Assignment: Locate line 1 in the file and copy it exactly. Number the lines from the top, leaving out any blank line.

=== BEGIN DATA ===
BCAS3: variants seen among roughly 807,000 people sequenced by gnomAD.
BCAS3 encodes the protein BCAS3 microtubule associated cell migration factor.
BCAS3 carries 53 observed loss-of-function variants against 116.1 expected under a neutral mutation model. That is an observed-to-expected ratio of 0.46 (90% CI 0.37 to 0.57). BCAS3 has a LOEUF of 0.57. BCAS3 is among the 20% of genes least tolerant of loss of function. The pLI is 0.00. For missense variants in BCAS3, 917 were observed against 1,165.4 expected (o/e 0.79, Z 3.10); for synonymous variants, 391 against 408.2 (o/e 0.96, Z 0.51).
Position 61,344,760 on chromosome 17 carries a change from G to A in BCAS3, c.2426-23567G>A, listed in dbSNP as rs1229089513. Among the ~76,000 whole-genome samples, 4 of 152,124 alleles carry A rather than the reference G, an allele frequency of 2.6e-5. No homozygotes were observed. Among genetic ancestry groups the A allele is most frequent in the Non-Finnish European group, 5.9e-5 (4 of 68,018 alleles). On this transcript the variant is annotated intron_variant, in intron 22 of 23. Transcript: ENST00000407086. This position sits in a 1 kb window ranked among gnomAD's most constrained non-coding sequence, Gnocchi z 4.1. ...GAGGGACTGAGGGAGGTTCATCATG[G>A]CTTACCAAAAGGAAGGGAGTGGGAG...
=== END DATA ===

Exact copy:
BCAS3: variants seen among roughly 807,000 people sequenced by gnomAD.